DECEMBER 13, 2018
“My name is Carolann Rios, I’m 46 years old, and I live in Barranquitas, Puerto Rico.”
Carolann has lived at her home in the pueblo for 44 years. She lives with her husband, a police officer, and cares for her grandmother who lives next door. She loves art, community leadership, and working at the church, but after Maria she hurt her back, and hasn’t been able to do many things she used to.
“The storm impacted everything. Every year I lived here- survived every hurricane. Maria was something different then before. The intense sounds, the damage, the way the ground trembled. I started getting worried when the river flooded, up to the homes, and the ground started to sink. When I looked out the window it looked like a movie, trees flying everywhere.” Carolann recalls the experience vividly.
“There are still people here without power and water. Tropical storms are coming and people are nervous and scared. We are not prepared for another storm. There were people who were starving for water and food.”
Carolann lives on the second story of a concrete home, and the tiny stream down the street raised high enough that it barely missed her bed. Mud blocked her front door so they couldn’t get out, and the smell that lingered was so intense she could hardly eat for a month. She is grateful for her church community that came to check on her, as it took the military two months to get up the mountains to Barranquitas.
“It was all the people who helped one another. Seeing neighbors come with machetes, shovels, and tools to clear the roads. Everyone can help in some way, there is no job too small when helping.”
Carrying a machete was a regular practice in leaving her home for many weeks after Maria hit. Her work with the church and connection to the community helped All Hands and Hearts find other homeowners in desperate need.
Carolann’s home was the 101st house the Barranquitas team worked on in the area. Providing full roof rebuilds and resealing concrete roofs has greatly impacted homeowners, helping them receive that basic necessity of shelter, so they can finally begin to heal and move forward.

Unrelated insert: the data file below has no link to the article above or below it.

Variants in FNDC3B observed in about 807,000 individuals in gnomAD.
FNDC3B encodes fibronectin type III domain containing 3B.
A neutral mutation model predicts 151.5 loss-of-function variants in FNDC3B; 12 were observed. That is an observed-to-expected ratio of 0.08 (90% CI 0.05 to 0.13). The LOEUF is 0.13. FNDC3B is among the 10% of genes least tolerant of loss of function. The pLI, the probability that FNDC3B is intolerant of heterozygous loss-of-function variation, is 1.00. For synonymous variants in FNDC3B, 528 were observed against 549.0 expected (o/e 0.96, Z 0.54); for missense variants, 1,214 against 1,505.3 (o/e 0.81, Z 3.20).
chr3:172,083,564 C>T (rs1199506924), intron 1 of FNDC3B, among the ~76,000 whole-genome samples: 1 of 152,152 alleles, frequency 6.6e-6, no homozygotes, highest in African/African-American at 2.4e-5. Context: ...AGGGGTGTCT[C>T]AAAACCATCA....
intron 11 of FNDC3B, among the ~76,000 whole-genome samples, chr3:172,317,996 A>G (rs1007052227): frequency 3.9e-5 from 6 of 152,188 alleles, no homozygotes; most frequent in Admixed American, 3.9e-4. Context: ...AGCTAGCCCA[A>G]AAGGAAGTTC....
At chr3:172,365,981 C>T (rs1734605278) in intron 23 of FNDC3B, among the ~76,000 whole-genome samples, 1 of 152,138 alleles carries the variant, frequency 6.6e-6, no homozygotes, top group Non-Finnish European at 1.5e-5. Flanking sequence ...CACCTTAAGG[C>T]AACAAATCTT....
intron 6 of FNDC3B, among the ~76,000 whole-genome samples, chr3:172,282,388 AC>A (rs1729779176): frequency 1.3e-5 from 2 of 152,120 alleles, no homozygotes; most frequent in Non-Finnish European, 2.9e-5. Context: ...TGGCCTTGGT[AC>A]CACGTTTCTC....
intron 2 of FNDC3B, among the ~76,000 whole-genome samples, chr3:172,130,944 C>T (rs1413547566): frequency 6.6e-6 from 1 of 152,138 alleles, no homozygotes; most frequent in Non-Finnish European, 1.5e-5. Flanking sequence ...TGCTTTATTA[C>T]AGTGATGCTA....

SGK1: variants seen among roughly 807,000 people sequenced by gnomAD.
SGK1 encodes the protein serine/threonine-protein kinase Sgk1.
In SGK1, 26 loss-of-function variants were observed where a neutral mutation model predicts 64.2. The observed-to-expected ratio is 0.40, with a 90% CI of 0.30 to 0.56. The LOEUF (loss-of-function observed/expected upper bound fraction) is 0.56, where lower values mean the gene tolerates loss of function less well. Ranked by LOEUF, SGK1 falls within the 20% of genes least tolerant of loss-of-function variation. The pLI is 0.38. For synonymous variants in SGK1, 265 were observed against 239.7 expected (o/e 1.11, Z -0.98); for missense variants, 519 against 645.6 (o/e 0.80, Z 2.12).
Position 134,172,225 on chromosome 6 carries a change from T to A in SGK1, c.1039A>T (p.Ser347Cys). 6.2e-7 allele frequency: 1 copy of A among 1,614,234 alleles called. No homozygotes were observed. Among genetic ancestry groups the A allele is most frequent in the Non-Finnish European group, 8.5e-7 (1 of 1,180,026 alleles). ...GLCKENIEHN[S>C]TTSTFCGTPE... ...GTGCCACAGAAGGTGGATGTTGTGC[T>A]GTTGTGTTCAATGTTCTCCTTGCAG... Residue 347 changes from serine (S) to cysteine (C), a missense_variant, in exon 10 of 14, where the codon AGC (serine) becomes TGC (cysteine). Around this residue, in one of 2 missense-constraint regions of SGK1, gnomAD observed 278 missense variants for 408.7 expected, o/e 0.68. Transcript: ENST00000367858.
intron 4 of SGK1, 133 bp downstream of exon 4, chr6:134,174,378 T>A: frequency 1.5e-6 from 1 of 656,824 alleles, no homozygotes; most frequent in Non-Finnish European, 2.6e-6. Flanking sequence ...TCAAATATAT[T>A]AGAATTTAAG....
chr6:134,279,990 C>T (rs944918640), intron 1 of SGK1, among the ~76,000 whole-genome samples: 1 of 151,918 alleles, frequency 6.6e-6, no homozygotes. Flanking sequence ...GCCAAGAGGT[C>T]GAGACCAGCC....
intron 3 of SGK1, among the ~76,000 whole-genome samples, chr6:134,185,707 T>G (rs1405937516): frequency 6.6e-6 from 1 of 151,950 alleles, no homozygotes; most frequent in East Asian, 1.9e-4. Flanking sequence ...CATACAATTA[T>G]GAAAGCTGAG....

“My experience has been extraordinary. Not only have they come to help, they came to share time and listen. I have felt the love, I have received the hugs for me this is important above all material things,” Carolann begins to tear up while talking about her experience with the organization.
While volunteers come to work, they are encouraged to spend time talking to homeowners, and letting them share their stories. The compassionate attitude and deep connections created, sets All Hands and Hearts apart from other organizations for volunteers and homeowners. Barranquitas is a tight knit community, and has welcomed All Hands and Hearts in as part of the family.
“I see the worry in your eyes, I see when you say that you don’t want my roof to cause me problems. I know you left your home wanting to do a good job, it fulfills your spirit. You want to finish the homes you started. I know there is a commitment with All hands and hearts.” Carolann’s gratitude was felt by every volunteer.
“Extraordinary experience, honestly, for me, it has been a group of committed volunteers.To want to be in a place where the only thing they knew was their want to do good; to work, fix, help expecting nothing in exchange. I personally witnessed it. I loved cooking for the volunteers… Language does not separate us. People leave their homes and come to a country they do not know to help. The need of people does not have color. I love it when volunteers attempt to speak spanish, I admire them.”
Now that her roof is fully re-sealed, Carolann has begun to look towards the future, but continues to care for those around her.
“I hope for health, help for my neighbors because I am always worried about them.
Opportunity to be in front of people who come with the mission to make change in a pueblo and say things that people are afraid to say. When you are born to serve you will do it no matter where you are. I know what it is to go the extra mile,” she says.
Tia Kat joined us in August as a first time volunteer, quickly becoming a strong leader for our concrete sites, and led the team at Carolann’s home. “Over the weeks I learned that Carolann was much more than just another neighbor in this region. She rose to the challenge and became caregiver, support system, and advocate for everyone around her affected by Maria. When she shared stories of the horror of the hurricane, she spoke of the experiences of her friends, her family, her neighbors emphasizing what they had endured and hardly mentioning her own devastation. Although it was apparent when visiting her home– a year later– belongings stacked and covered to avoid the constant leaks she still battled when it rained. She made lunch for all the teams working in her neighborhood weeks before we made it to repair her own roof and continued until all teams had completed all the repairs of her neighbors. All Hands and Hearts became her family. She treated us with love, generosity and gratitude. I don’t think there was a single one of us who didn’t cry when saying goodbye to this magnificent woman. I am honored to know her,” said Tia Kat.
Carolann regularly recites a quote that her grandma would always say, roughly translated as “You do more with less.” The All Hands and Hearts team repaired more than her roof. “It is humbling to see people from all over the world come work in a place they do not know. I see now that the hope is not lost.”
Story and Photos by Sarah Capobianco for All Hands and Hearts